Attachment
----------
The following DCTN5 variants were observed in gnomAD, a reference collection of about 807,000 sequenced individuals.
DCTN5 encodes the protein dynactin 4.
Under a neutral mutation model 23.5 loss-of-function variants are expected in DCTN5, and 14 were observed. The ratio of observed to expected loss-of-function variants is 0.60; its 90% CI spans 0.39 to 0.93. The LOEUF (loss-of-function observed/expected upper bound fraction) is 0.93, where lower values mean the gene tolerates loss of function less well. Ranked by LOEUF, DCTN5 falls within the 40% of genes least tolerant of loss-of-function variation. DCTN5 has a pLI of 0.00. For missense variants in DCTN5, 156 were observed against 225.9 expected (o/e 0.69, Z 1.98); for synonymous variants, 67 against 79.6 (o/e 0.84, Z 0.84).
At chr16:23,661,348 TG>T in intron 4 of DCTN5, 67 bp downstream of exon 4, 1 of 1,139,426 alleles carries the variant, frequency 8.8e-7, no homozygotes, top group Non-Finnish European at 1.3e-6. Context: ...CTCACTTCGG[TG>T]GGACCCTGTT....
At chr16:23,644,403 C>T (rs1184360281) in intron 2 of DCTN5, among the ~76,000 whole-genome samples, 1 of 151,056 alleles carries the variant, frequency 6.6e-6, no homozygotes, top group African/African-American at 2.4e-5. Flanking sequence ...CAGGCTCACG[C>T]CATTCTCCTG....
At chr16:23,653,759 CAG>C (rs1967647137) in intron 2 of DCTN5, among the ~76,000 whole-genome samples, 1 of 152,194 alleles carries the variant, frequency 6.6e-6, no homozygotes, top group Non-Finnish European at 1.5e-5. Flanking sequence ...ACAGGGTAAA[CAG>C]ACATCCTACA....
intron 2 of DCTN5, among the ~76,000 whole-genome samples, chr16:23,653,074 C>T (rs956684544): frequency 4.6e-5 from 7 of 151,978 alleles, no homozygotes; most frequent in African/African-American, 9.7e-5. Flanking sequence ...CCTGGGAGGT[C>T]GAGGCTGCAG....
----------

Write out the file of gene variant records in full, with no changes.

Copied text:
The following DCTN5 variants were observed in gnomAD, a reference collection of about 807,000 sequenced individuals.
DCTN5 encodes the protein dynactin 4.
Under a neutral mutation model 23.5 loss-of-function variants are expected in DCTN5, and 14 were observed. The ratio of observed to expected loss-of-function variants is 0.60; its 90% CI spans 0.39 to 0.93. The LOEUF (loss-of-function observed/expected upper bound fraction) is 0.93, where lower values mean the gene tolerates loss of function less well. Ranked by LOEUF, DCTN5 falls within the 40% of genes least tolerant of loss-of-function variation. DCTN5 has a pLI of 0.00. For missense variants in DCTN5, 156 were observed against 225.9 expected (o/e 0.69, Z 1.98); for synonymous variants, 67 against 79.6 (o/e 0.84, Z 0.84).
At chr16:23,661,348 TG>T in intron 4 of DCTN5, 67 bp downstream of exon 4, 1 of 1,139,426 alleles carries the variant, frequency 8.8e-7, no homozygotes, top group Non-Finnish European at 1.3e-6. Context: ...CTCACTTCGG[TG>T]GGACCCTGTT....
At chr16:23,644,403 C>T (rs1184360281) in intron 2 of DCTN5, among the ~76,000 whole-genome samples, 1 of 151,056 alleles carries the variant, frequency 6.6e-6, no homozygotes, top group African/African-American at 2.4e-5. Flanking sequence ...CAGGCTCACG[C>T]CATTCTCCTG....
At chr16:23,653,759 CAG>C (rs1967647137) in intron 2 of DCTN5, among the ~76,000 whole-genome samples, 1 of 152,194 alleles carries the variant, frequency 6.6e-6, no homozygotes, top group Non-Finnish European at 1.5e-5. Flanking sequence ...ACAGGGTAAA[CAG>C]ACATCCTACA....
intron 2 of DCTN5, among the ~76,000 whole-genome samples, chr16:23,653,074 C>T (rs956684544): frequency 4.6e-5 from 7 of 151,978 alleles, no homozygotes; most frequent in African/African-American, 9.7e-5. Flanking sequence ...CCTGGGAGGT[C>T]GAGGCTGCAG....